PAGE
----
I do know several more serious pagans, and I find they tend to have three things in common: earth-centric (pantheistic) spirituality, fascination with the ancient world and its gods (even if it's a more romantic view rather than historically accurate), and an imagination for magic (which they might or might not physically believe in).

    Hope this helps.

    1. LastRoseofSummer2 profile image86
      LastRoseofSummer2posted 4 years agoin reply to this

      Yes, it does help. Thank you so much smile

  4. Chuck RitenouR profile image71
    Chuck RitenouRposted 4 years ago

    As a student of history, I studied the wars that have plagued the planet and became disillusioned with paternal religions as a direct result. The countless millions that have been slaughtered in the name if this religious belief or that religious belief cried out to me from the pages I studied. But, I became a Wiccan as a result of one of my young daughter's wish to do so. I didn't want her to become a victim to some of the preditors that use Wicca as a way to hold power and influence over young men and women. In the beginning, we studied the craft and participated in rituals together. As she grew from teen to young adult, she slowly stopped practicing. While, I on the other hand, found something which spoke to my heart and I became a solitary practioner of the craft. For me, it is the love of life, the love of family (not only your immediate family but the family of this world) and total respect for the Earth, our Mother that has influenced my decision and action. Blessed Be.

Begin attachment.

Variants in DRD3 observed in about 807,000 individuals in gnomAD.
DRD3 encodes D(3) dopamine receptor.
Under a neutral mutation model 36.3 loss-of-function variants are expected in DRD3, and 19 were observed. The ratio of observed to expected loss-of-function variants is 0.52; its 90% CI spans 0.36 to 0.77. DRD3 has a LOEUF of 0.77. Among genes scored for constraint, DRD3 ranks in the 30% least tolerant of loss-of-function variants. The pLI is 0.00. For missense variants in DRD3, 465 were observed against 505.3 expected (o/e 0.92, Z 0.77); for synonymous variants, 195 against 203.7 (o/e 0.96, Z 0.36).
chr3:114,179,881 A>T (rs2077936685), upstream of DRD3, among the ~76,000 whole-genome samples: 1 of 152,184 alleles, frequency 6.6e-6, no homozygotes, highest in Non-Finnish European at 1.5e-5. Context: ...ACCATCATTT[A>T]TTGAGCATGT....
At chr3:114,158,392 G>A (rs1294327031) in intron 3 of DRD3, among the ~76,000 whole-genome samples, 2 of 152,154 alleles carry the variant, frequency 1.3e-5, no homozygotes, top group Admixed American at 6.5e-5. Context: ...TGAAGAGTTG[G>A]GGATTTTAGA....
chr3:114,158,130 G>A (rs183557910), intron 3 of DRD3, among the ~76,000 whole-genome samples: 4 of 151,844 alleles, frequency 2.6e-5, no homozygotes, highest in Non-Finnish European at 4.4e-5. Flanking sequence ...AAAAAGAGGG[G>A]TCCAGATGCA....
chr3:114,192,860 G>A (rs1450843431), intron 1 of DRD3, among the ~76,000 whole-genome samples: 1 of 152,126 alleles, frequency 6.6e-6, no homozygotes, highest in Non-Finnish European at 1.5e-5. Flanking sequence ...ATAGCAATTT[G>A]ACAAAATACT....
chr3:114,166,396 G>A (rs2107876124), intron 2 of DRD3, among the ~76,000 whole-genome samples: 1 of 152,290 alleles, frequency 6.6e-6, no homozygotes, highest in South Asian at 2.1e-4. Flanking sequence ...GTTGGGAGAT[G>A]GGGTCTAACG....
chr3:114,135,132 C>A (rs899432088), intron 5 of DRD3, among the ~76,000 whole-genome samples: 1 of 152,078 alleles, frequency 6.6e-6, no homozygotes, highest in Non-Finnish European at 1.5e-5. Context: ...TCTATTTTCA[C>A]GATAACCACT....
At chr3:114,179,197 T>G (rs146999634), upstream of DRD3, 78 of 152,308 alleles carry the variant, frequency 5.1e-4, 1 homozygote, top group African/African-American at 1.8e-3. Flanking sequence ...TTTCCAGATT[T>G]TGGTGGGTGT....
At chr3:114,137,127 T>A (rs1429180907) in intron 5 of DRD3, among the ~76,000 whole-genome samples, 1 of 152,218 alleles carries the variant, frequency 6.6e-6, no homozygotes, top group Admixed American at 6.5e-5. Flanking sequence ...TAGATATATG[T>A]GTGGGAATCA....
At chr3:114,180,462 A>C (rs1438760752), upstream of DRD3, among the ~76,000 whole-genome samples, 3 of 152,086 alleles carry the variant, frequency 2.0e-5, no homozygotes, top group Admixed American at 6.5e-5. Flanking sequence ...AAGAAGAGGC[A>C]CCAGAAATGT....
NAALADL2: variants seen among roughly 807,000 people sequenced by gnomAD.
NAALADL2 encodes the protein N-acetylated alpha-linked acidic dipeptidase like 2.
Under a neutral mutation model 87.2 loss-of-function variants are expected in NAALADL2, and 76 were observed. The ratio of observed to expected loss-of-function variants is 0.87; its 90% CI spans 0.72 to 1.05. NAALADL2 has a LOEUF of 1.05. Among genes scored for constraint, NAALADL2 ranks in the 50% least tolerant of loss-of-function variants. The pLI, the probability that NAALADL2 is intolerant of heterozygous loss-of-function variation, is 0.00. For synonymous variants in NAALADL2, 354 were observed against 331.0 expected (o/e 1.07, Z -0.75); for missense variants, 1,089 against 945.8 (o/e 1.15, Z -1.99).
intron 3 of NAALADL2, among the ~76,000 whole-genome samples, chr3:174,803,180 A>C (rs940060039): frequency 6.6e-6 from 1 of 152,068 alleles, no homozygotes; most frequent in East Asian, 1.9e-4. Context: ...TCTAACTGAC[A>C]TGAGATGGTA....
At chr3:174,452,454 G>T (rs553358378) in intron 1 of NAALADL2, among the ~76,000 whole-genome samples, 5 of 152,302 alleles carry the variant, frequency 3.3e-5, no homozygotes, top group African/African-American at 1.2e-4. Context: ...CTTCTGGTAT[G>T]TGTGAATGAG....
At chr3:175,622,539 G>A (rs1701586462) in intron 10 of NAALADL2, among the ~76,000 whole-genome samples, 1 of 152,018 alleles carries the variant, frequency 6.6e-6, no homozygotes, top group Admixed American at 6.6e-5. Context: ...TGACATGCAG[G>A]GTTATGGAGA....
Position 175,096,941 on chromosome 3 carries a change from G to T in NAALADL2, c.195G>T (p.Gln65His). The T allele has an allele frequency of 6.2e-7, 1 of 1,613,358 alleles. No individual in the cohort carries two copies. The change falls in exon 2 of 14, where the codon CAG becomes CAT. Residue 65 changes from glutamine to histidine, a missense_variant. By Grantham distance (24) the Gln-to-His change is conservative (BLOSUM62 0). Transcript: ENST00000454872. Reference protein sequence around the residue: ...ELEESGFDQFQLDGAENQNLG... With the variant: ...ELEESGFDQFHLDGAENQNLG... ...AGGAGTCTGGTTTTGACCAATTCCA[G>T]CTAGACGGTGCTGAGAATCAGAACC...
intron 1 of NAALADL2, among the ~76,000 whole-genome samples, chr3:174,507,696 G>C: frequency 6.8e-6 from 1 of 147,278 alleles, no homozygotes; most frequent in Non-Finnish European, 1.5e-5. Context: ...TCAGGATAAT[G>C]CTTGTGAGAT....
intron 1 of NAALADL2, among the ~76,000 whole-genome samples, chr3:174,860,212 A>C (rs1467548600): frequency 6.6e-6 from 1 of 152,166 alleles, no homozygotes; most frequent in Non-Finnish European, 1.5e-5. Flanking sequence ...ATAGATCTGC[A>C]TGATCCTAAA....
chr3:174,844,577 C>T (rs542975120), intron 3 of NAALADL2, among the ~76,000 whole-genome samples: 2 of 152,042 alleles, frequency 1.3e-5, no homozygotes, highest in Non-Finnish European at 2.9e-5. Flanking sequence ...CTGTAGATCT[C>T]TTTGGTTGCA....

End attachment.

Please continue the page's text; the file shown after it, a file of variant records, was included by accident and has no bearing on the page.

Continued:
1. Mark Upshaw profile image58
      Mark Upshawposted 4 years agoin reply to this

      Blessed Be.

    2. LastRoseofSummer2 profile image86
      LastRoseofSummer2posted 4 years agoin reply to this

      Thank you for sharing. I'm so glad you found something that gives you peace and hope.

  5. NanLT profile image85
    NanLTposted 3 years ago

    I was raised in the Methodist church, but attended services from many different Protestant Christian religions in my teens and into adulthood. I stopped going because I realised I was getting nothing from those services except feelings of incredible anger.

    I began questioning everything that I believed when I was in my early 20s. Over time, I began developing an internal set of beliefs that had no relationship to any religion.

    One summer I happened to pick up a book about witchcraft, read it, and realised it fit those internal beliefs. I began a solitary practice and continued learning. In 1993 I was invited to join a local Wiccan coven.

    I remained part of that group until 1998 when I moved to the UK. Before moving I was initiated as a 3rd degree High Priestess - and that plus £5 will get me a cuppa tea in nearly any cafe in England.

    My religion is Paganism, and I am a practicing witch. I am raising my children as Pagans, but both know it is their choice what if any religion they want to follow when they reach adulthood. My eldest son (adult) has made the decision to follow a Pagan religion, of the younger two (not yet adults) one says he is atheist and the other says he is Pagan.